A groundbreaking new history, telling the stories of hundreds of African-American activists and officeholders who risked their lives for equality--in the face of murderous violence--in the years after the Civil War.
Douglas R. Egerton is a professor of history at LeMoyne College. He is the author of six books, including Year of Meteors: Stephen Douglas, Abraham Lincoln, and the Election that Brought on the Civil War, He Shall Go Out Free: The Lives of Denmark Vesey, Gabriel's Rebellion: The Virginia Slave Conspiracies of 1800 and 1802, and Death or Liberty: African Americans and Revolutionary America. He lives near Syracuse, New York.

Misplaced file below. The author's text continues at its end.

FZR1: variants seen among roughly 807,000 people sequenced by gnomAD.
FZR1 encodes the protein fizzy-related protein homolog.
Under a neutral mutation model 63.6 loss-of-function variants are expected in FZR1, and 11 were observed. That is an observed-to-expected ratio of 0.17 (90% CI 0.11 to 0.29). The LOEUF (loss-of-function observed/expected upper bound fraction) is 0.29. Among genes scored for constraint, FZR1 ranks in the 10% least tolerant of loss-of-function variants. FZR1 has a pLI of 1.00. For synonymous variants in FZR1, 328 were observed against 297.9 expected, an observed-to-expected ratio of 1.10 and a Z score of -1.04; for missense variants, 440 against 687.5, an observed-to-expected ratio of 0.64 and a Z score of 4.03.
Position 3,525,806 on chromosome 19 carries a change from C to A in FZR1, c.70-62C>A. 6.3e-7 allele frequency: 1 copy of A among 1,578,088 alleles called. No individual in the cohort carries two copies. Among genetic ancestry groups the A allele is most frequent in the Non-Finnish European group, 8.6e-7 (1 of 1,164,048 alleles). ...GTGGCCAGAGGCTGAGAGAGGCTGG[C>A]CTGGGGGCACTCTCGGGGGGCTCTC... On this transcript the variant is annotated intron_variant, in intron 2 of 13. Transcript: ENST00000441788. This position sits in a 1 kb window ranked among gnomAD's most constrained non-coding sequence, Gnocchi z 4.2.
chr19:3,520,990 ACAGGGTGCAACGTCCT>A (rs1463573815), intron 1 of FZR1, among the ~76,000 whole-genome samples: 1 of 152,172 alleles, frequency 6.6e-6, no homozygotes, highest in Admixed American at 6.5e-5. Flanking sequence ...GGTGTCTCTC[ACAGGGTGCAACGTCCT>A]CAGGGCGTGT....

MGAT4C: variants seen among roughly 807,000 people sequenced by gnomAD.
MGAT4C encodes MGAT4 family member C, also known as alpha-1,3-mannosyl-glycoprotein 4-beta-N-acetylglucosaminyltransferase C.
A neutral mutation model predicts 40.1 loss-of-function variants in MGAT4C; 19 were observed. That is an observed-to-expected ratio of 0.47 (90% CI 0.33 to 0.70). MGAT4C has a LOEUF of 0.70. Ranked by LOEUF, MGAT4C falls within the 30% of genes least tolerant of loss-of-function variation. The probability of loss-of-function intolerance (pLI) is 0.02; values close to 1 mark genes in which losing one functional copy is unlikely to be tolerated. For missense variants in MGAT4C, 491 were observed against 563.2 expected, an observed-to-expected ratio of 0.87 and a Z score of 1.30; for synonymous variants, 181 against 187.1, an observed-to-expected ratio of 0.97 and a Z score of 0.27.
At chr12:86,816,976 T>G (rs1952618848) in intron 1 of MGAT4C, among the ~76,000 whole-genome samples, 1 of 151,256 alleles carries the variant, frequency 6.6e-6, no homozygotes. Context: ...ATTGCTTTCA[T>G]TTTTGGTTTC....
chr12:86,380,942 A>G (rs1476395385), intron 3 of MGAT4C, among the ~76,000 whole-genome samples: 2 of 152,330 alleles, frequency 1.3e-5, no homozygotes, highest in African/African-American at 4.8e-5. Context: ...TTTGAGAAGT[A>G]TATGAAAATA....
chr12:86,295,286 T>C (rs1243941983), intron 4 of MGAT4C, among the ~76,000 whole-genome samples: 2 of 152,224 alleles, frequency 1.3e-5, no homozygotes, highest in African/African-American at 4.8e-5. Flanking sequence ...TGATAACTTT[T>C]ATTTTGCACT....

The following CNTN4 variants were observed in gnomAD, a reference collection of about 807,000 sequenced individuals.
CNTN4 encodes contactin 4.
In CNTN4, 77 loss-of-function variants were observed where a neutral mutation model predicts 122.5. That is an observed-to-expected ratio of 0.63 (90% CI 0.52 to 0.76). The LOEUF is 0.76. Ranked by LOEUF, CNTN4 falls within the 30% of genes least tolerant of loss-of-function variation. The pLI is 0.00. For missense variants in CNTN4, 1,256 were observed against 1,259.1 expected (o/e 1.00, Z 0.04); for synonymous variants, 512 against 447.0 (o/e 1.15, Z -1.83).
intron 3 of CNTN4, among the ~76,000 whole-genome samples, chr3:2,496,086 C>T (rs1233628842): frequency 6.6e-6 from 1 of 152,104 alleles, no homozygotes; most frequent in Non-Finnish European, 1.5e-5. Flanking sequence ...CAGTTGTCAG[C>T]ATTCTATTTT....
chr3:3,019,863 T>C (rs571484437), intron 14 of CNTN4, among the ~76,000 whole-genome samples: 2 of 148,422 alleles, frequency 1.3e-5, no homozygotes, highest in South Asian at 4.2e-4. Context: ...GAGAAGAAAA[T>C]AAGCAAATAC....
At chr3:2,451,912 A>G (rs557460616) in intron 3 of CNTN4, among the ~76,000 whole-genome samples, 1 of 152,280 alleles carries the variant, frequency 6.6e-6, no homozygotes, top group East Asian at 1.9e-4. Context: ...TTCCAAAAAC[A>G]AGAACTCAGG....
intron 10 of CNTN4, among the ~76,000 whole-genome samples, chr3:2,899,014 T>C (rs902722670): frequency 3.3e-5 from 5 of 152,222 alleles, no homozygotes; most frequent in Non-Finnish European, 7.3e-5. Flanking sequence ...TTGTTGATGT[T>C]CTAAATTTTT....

The history of [the] era [of Reconstruction] has rarely if ever been as well told as it is in Douglas R. Egerton's forcefully argued and crisply written The Wars of Reconstruction. Wall Street Journal Key figures develop into rich characters, balancing Egerton's own objective, wide-seeing perspective, which even explores the revisionist Reconstruction histories that informed the American consciousness, particularly the pernicious effects of influential racist cinema. All told, Egerton's study is an adept exploration of a past era of monumental relevance to the present and is recommended for any student of political conflict, social upheaval, and the perennial struggle against oppression. Publishers Weekly [A] fierce corrective ... Egerton's book is thorough and cogent in recreating the stories of these fearless, articulate and conscientious black activists and politicians ... Bookforum A richly detailed history ... An illuminating view of an era whose reform spirit would live on in the 1960s civil rights movement. Kirkus Reviews Understanding issues that continue to roil American politics--the definition of citizenship, the meaning of equality, the relative powers of the national and state governments--requires knowledge of Reconstruction. For this reason alone, the appearance of Douglas R. Egerton's The Wars of Reconstruction is especially welcome ... its dramatic account will challenge and enlighten ... Egerton paints a dramatic portrait of on-the-ground struggles for equality in an era of great hope and brutal disappointment. -- Eric Foner New York Times Book Review The Wars of Reconstruction is one of the best and most readable studies of that era to appear in many years. Its emphasis on the active role that African Americans played in this crucial period is especially welcome. Douglas Egerton has given us another gripping, thoughtful, and deeply researched book about slavery and the fight for freedom. -- Bruce Levin, author of THE FALL OF THE HOUSE OF DIXIE: THE CIVIL WAR AND THE SOCIAL REVOLUTION THAT TRANSFORMED THE SOUTH Offers a fresh perspective on why the grand experiment of Reconstruction failed and how it took nearly a century afterward for African Americans to gain any semblance of equal rights in the South. Bookpage This is a very 'Du Boisian' work, sharing the great scholar's view that Reconstruction wasn't just about rebuilding the Southern economy, but reconstructing democracy throughout the US. Recounting Northern blacks' struggles for voting rights and the national quest for universal public education bolsters Du Bois's insight, as do sections assessing Reconstruction in scholarly and popular memory. Through detailed evaluations of officeholders and other activists, Egerton asserts that Reconstruction was the most progressive era in US history. Proponents of the 1960s and, especially, the New Deal may differ, but Egerton's strong case stimulates debate. Summing Up: Recommended. -- T. P. Johnson, University of Massachusetts, Boston CHOICE [Egerton's] crisp, immersive history follows an army of black activists, politicians, ex-slaves, educators, clergy, veterans and their white allies who hoped to remake the devastated South. The Atlantic, Best Books of 2014